Regardless of the size of your estate you should consider executing a durable power of attorney. A durable power of attorney simple and reliable way to arrange for someone of your choosing to manage your finances in your place as well as if you make the power of attorney durable it remains in effect even if you become mentally or physically incapacitated, either permanently or temporarily.
You choose both the nominated and the successor attorney in fact. You can choose two attorneys in fact, and designate that they must work in concert or can act separately. You can revoke a power of attorney at any time. You can choose another attorney-in-fact at any time.
Executing a durable power of attorney before you become incapacitated saves your loved ones from having to petition a court to appoint a conservator appointed over your estate - a procedure that can be a public, often costly, sometimes contentious, and time-consuming procedure – so that necessary financial decisions and /or health care arrangements can be made for your benefit.
Even if you have a trust, a power of attorney can be a helpful tool for assets that cannot be transferred into trust without tax consequences (such as an IRA) or assets that are later acquired but have not been transferred into the trust. With a durable financial power of attorney these assets can be managed by the attorney-in-fact that you choose.
There are two types of powers of attorneys: a durable financial power of attorney and a power of attorney for health care decisions
Durable Financial Power of Attorney
The durable financial power of attorney can be effective immediately upon execution or upon a future date or occurrence (such as your incapacity) of your choosing. You will also determine the scope of your attorney-in-fact’s authority, and that authority can be as broad or as narrow as your situation needs or requires. For example, with respect to life insurance policies and annuity contracts you can empower your attorney-in-fact to do any or all the following:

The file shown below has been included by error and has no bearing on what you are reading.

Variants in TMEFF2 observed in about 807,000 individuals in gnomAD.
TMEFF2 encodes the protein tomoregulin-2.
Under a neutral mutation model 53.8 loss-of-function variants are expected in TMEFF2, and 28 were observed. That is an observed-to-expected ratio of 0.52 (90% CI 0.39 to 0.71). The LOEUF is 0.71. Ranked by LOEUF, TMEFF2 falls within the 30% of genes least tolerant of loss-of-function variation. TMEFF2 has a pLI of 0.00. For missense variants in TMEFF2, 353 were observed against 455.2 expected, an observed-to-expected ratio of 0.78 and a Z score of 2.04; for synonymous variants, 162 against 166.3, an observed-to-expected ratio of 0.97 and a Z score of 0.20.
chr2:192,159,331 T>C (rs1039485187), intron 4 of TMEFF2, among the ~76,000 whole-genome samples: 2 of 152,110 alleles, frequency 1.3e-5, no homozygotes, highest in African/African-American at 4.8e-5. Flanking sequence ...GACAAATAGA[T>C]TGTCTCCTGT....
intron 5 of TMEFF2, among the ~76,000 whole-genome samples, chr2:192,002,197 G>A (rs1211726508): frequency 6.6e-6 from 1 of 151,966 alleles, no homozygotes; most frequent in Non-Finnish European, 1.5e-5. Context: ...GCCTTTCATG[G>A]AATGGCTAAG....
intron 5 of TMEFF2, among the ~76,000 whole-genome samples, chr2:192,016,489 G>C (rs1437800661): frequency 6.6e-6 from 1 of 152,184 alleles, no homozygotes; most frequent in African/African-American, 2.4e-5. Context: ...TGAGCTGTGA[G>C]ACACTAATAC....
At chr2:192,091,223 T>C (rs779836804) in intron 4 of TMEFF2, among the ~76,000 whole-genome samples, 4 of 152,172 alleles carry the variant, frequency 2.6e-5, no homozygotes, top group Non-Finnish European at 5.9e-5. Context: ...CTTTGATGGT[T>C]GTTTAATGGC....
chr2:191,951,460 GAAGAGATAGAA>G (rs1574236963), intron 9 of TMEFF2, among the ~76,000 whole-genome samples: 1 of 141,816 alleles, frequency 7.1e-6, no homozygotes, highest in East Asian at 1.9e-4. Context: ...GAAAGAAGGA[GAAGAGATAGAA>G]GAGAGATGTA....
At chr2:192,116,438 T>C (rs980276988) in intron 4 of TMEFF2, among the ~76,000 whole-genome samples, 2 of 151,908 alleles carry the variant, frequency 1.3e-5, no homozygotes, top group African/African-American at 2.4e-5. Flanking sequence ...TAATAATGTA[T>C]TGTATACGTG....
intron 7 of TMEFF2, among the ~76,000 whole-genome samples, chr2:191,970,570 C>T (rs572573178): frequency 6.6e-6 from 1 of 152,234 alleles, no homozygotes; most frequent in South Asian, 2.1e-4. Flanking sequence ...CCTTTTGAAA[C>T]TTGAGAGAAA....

- Continue, pay the premium or assessment on, modify, rescind, release, or terminate a contract procured by or on behalf of the principal that insures or provides an annuity.
- Procure new, different, and additional contracts of insurance and annuities for the principal and the principal's spouse, children, and other dependents, and select the amount, type of insurance or annuity, and mode of payment.
- Pay the premium or assessment on, modify, rescind, release, or terminate a contract of insurance or annuity procured by the agent.
- Apply for and receive a loan on the security of the contract of insurance or annuity.
- Surrender and receive the cash surrender value.
- Exercise an election.
- Change the manner of paying premiums.
- Change or convert the type of insurance policy or annuity as to any insurance policy or annuity with respect to which the principal has or claims to have a power described in this section.
- Apply for and procure government aid to guarantee or pay premiums of a contract of insurance on the life of the principal.
- Collect, sell, assign, hypothecate, borrow upon, or pledge the interest of the principal in a contract of insurance or annuity.
Please note that some states require that an agent be granted specific authority to do certain things. For example, the authority to change a beneficiary may need to be specifically granted in the power of attorney document in order for the attorney-in-fact to have that authority. It’s important that you consult legal counsel familiar with the laws in your state so that your attorney-in-fact has the exact authority you want him or her to have.
In addition, other financial authorities can be granted as well including the authority over:
Real property transactions; tangible personal property transactions; stock and bond transactions; commodity and option transactions; banking and other financial institution transactions; business operating transactions; estate, trust and other beneficiary transactions; claims and litigation; personal and family maintenance; social security or other governmental program; civil or military benefits; retirement plan transactions; tax matters; digital assets (e.g. your Facebook & Twitter accounts, your online banking services, any websites you may own or manage)
Power of Attorney tor Health Care Decisions
The power of attorney for health care decisions gives your attorney-in-fact the power to make medical or surgical decisions on your behalf. This type of power of attorney is effective only when you are incapacitated and becomes ineffective when your health returns. In many states, you can also authorize your agent to decide whether to terminate life support should your doctors determine that you are persistent vegetative state. Note that some states have a required procedure for certifying someone’s incapacity to make decisions.